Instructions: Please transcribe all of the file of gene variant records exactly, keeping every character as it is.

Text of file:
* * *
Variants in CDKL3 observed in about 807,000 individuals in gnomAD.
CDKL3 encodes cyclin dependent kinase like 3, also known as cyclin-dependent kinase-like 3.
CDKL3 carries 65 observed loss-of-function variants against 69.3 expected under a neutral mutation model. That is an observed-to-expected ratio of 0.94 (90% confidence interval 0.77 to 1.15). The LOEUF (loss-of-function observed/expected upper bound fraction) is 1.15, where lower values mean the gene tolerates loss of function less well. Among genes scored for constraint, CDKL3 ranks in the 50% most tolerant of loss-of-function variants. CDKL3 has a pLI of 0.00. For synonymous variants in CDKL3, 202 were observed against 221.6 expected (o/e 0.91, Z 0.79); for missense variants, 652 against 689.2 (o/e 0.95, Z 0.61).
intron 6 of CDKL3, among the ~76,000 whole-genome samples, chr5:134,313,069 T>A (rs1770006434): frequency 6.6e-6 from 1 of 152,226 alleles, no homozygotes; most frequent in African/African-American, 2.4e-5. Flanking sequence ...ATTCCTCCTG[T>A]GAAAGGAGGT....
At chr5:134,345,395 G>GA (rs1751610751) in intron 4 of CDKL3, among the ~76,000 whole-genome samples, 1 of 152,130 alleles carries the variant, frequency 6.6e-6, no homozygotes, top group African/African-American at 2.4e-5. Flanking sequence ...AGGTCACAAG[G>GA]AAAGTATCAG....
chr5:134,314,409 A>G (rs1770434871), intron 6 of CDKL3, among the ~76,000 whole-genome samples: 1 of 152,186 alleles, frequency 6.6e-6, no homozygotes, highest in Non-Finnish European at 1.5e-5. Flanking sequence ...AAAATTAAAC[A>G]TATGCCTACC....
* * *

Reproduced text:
Variants in CDKL3 observed in about 807,000 individuals in gnomAD.
CDKL3 encodes cyclin dependent kinase like 3, also known as cyclin-dependent kinase-like 3.
CDKL3 carries 65 observed loss-of-function variants against 69.3 expected under a neutral mutation model. That is an observed-to-expected ratio of 0.94 (90% confidence interval 0.77 to 1.15). The LOEUF (loss-of-function observed/expected upper bound fraction) is 1.15, where lower values mean the gene tolerates loss of function less well. Among genes scored for constraint, CDKL3 ranks in the 50% most tolerant of loss-of-function variants. CDKL3 has a pLI of 0.00. For synonymous variants in CDKL3, 202 were observed against 221.6 expected (o/e 0.91, Z 0.79); for missense variants, 652 against 689.2 (o/e 0.95, Z 0.61).
intron 6 of CDKL3, among the ~76,000 whole-genome samples, chr5:134,313,069 T>A (rs1770006434): frequency 6.6e-6 from 1 of 152,226 alleles, no homozygotes; most frequent in African/African-American, 2.4e-5. Flanking sequence ...ATTCCTCCTG[T>A]GAAAGGAGGT....
At chr5:134,345,395 G>GA (rs1751610751) in intron 4 of CDKL3, among the ~76,000 whole-genome samples, 1 of 152,130 alleles carries the variant, frequency 6.6e-6, no homozygotes, top group African/African-American at 2.4e-5. Flanking sequence ...AGGTCACAAG[G>GA]AAAGTATCAG....
chr5:134,314,409 A>G (rs1770434871), intron 6 of CDKL3, among the ~76,000 whole-genome samples: 1 of 152,186 alleles, frequency 6.6e-6, no homozygotes, highest in Non-Finnish European at 1.5e-5. Flanking sequence ...AAAATTAAAC[A>G]TATGCCTACC....